With a little fire going, Bill said the smoking ceremony was a way of expressing yindyamarra. He said this Wiradyuri word means “respect, honour, go slow, be polite and be honorable about it.” He said this sort of respect was not just for each other but for “everything around us”.

Bill Allen at Napoleon Reef

He said Europeans came to this land and saw timber and grazing land, whereas Aboriginal people were steeped in the idea of yindyamarra.

“That’s what people have to understand,” he said. “We had two completely opposing types of ideas on how to use the land.”

He said Aboriginal and non-Aboriginal people could try to work together by building a bridge. “That’s what the Bathurst Aboriginal Community Elders are wanting to do, is build that bridge.”

He said he preferred the word “bridge” to the word “reconciliation” because “there was never ever any relationship with each other in the first place. It was just, one lot was already here and the other lot come here on their boats and they just clashed with each other over the land.

“So, I can’t call it reconciliation. We’d prefer to use the term bridge- building so we get an understanding of each other so then we can connect, which is what a bridge does.”

As he used bunches of eucaplyptus leaves to create a thick, billowing smoke, Bill said it was important to do a smoking ceremony as you go into a new area in the bush. “It’s to show respect to the spirits, it opens your mind so you can see what’s around you.”

There were bittersweet moments in the ceremony, with reminders of a dispossession that wasn’t so very long ago and the vastly different socio-economic position of the small Aboriginal group standing behind the fire and the group of mostly white middle-class homeowners and landowners assembled in front of it. Bill said he loved to be on the land, but he didn’t own any. And then there was an old memory from school, of being chided for not turning up, for “going walkabout”.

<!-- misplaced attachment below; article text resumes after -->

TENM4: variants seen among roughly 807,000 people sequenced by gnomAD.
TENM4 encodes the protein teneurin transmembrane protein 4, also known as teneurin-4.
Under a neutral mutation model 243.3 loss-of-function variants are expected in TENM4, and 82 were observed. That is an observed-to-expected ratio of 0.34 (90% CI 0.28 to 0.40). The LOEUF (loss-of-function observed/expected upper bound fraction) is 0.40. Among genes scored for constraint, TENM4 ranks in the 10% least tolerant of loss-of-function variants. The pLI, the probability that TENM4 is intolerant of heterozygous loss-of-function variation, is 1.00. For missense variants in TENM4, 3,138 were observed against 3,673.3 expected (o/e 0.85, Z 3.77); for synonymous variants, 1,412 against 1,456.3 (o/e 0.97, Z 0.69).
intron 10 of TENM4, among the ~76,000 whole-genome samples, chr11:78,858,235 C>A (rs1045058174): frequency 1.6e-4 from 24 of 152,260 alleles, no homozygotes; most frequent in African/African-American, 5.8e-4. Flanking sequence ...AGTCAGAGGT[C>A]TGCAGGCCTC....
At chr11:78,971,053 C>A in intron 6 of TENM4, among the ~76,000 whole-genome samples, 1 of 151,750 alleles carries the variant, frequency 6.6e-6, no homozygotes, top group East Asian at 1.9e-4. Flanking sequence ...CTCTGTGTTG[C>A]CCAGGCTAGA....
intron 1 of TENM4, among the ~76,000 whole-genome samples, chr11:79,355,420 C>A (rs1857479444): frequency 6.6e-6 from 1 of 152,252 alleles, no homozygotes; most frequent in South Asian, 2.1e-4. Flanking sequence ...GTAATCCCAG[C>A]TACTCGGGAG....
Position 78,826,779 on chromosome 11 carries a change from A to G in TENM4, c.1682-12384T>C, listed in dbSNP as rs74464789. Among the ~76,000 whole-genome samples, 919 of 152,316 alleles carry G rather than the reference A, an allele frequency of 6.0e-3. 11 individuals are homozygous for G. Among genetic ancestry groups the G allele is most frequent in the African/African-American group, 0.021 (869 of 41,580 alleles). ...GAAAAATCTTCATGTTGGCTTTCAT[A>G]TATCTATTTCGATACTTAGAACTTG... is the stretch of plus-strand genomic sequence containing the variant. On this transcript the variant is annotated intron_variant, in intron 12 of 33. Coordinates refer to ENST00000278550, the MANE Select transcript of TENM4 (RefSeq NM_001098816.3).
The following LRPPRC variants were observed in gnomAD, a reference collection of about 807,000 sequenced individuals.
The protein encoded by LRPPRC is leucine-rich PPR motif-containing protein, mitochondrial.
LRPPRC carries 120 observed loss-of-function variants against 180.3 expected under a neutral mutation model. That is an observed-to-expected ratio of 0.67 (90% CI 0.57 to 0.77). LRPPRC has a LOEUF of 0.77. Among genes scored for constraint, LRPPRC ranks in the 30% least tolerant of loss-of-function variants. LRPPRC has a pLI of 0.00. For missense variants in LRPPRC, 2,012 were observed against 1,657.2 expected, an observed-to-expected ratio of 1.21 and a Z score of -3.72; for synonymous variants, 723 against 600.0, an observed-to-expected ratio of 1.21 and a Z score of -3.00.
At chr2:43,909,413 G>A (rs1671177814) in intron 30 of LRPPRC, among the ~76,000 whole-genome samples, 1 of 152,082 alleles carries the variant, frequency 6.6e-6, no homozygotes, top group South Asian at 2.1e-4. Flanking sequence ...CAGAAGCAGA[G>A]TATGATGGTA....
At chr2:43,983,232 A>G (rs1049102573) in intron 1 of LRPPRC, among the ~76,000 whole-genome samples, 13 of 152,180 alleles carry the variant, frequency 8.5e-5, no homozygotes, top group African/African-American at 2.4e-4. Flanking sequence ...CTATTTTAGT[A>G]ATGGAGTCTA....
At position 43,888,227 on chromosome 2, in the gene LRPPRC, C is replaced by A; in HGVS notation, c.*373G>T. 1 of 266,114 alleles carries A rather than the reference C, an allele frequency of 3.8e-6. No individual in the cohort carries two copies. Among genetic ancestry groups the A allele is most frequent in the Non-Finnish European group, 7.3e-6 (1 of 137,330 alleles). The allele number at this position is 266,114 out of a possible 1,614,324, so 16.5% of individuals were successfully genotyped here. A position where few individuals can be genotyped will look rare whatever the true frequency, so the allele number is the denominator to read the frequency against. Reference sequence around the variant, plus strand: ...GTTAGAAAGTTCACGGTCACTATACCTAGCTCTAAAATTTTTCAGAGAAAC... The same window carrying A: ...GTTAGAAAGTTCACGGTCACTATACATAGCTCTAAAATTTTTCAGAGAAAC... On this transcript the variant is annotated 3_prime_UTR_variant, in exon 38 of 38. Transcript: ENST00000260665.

“I say to people, well youse go walkabout more than I do because I can’t afford to go on holiday. You’ve got a big caravan you take it all up there wherever you go. That’s your little sacred site!”

He ended his speech by urging us to be more considerate of nature. “We want to take out all the resources and make it all for the now and make ourselves feel like we’re important more than everything else. Well, we are important, but we’ve got to remember that everything around us, too, is important.”

After this gentle lecture, we were invited to walk through the smoke and then to get three dabs of wet white ochre on the forehead. It was wonderful to walk through that smoke and to receive my dabs, so generously given. I’ll never really be a local here, but it made me feel so much more a part of this place.

Who do I think I am?

It was the night before the flight to Tasmania. I still had a pile of marking to get through. I was procrastinating by trawling through the ancestor-hunting Ancestry.com.au. I’d trawled before, but always signed out before they got my credit card. Now, I’d finally succumbed. Once I had, I wished I’d signed up earlier*. So here it was, the full story on my computer screen:

Dawes

Dawes Who Rode